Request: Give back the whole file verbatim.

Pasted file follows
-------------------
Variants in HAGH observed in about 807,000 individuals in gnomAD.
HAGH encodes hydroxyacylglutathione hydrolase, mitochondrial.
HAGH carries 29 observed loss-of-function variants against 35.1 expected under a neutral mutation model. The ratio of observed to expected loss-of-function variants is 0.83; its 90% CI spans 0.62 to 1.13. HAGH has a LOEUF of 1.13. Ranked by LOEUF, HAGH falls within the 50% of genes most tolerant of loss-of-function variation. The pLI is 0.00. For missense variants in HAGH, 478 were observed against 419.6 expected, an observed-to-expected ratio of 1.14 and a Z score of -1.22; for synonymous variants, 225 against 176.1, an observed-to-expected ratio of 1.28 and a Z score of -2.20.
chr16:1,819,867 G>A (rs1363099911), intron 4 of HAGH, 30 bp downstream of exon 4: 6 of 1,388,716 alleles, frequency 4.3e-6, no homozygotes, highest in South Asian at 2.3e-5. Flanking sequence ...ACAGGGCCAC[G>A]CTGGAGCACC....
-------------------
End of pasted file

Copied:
Variants in HAGH observed in about 807,000 individuals in gnomAD.
HAGH encodes hydroxyacylglutathione hydrolase, mitochondrial.
HAGH carries 29 observed loss-of-function variants against 35.1 expected under a neutral mutation model. The ratio of observed to expected loss-of-function variants is 0.83; its 90% CI spans 0.62 to 1.13. HAGH has a LOEUF of 1.13. Ranked by LOEUF, HAGH falls within the 50% of genes most tolerant of loss-of-function variation. The pLI is 0.00. For missense variants in HAGH, 478 were observed against 419.6 expected, an observed-to-expected ratio of 1.14 and a Z score of -1.22; for synonymous variants, 225 against 176.1, an observed-to-expected ratio of 1.28 and a Z score of -2.20.
chr16:1,819,867 G>A (rs1363099911), intron 4 of HAGH, 30 bp downstream of exon 4: 6 of 1,388,716 alleles, frequency 4.3e-6, no homozygotes, highest in South Asian at 2.3e-5. Flanking sequence ...ACAGGGCCAC[G>A]CTGGAGCACC....